Published: Mon, March 19, 2018
Global Media | By Abel Hampton

Russian Federation summons British ambassador to foreign ministry

Russian Federation summons British ambassador to foreign ministry

Novichok, the type of nerve agent, which Britain says was used in the attack, could not have been manufactured by "non-state actors", Britain's representative, Jonathan Allen, said.

Lavrov on Friday accused Britain of violating global law and criticized Britain's defense minister for what he called "uneducated" comments about Russian Federation.

Russian Federation insists it had no motive to target Skripal with what Britain says was a highly potent Soviet-designed nerve agent called Novichok, in the first such attack in Europe since World War II.

May said Britain was not alone in confronting Russian aggression, saying that she had discussed the Salisbury attack with U.S. President Donald Trump, German Chancellor Angela Merkel and French President Emmanuel Macron.

"We don't care about the fate of a traitor", said Colonel General Ladygin. "It threatens the security of us all".

While the statement signals a more coordinated response from Britain's closest allies, it lacked any details about specific measures the West would take if Russian Federation failed to comply.

The four nations called upon Moscow to provide full and complete disclosure of its Novichok nerve agent program to the Organization for the Prohibition of Chemical Weapons.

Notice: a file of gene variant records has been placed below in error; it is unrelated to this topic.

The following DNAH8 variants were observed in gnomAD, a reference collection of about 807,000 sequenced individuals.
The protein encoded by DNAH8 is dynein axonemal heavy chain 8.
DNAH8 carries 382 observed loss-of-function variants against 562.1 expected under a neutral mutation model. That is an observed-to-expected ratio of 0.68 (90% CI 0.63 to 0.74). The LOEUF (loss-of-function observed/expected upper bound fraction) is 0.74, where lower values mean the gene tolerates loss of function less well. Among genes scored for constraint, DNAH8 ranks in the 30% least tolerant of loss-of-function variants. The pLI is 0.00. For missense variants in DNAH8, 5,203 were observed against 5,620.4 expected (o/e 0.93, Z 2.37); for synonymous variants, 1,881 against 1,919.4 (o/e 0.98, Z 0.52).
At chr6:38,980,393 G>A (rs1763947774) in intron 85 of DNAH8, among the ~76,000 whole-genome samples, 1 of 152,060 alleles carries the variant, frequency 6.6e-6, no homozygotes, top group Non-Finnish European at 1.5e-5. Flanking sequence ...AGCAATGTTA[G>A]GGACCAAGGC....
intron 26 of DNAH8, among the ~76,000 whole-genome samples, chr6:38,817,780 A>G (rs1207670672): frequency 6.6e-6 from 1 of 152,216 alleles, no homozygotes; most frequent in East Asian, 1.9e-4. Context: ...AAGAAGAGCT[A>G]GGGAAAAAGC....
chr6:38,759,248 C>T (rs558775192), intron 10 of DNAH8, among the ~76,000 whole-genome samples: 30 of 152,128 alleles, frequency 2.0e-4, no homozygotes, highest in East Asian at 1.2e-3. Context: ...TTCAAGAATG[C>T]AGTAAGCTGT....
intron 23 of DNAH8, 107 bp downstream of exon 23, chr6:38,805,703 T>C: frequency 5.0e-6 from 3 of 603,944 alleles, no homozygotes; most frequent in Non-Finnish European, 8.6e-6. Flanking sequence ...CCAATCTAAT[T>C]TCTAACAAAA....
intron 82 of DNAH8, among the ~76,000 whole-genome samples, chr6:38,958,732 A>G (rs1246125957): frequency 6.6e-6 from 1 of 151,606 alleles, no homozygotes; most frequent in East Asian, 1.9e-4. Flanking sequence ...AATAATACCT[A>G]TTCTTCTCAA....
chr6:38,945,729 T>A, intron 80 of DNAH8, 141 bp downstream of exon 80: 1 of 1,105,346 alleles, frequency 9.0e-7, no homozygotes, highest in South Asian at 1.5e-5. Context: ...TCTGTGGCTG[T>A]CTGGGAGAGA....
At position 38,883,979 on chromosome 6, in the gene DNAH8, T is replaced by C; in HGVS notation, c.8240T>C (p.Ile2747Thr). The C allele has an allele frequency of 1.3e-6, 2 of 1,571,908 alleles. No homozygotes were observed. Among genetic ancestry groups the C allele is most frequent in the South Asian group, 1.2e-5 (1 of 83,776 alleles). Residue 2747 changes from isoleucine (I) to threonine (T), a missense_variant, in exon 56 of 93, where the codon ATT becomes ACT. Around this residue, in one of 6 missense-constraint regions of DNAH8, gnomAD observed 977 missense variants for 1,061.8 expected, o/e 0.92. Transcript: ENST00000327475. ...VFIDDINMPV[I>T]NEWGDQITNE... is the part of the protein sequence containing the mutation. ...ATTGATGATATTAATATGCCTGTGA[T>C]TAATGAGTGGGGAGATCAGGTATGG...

It comes as the USA announced new sanctions against Russia's top spy agencies and several individuals for cyber attacks and trying to influence the U.S. election.

Sergei Skripal, a former colonel in Russia's GRU military intelligence service, betrayed dozens of Russian spies to British intelligence before he was arrested in Moscow in 2004.

May warned more measures could follow, noting that the US-led North Atlantic Treaty Organisation alliance and the UN Security Council had discussed the attack, while it was also expected to be on the agenda at a European Union summit next week.

Russian Federation denies Britain's allegations that it was involved in the poisoning of Sergei Skripal, the former double agent, and his daughter Yulia, in southern England. A British policeman who was also poisoned is in a serious but stable condition.

May pointed the finger firmly at Russian President Vladimir Putin on Wednesday as she outlined retaliatory measures in parliament.

The Trump administration is imposing sanctions on 19 Russians for alleged interference in the 2016 US election, including 13 indicted by special counsel Robert Mueller.

She also said new legislative proposals would be urgently developed to counter any threat from a hostile state.

Russian President Vladimir Putin listens during a meeting with officials in Makhachkala, the capital of Dagestan, Russia, Tuesday, March 13, 2018. But in 2010 he was given refuge in Britain after being exchanged for Russian spies.

May traveled to Salisbury Thursday in the wake of a nerve agent attack, which left Sergei Skripal and his daughter Yulia unconscious earlier this month.

Speaking of Russia's role in the gassing, Boris Johnson, Lavrov's British counterpart, said, "They want to simultaneously deny it, yet at the same time to glory in it".

He said his country had no motive to target Skripal, but suggested other players could use the poisoning to "complicate" the World Cup.

British Defense Secretary Gavin Williamson called relations between the two countries "exceptionally chilly" and said Russian Federation should "go away and shut up".

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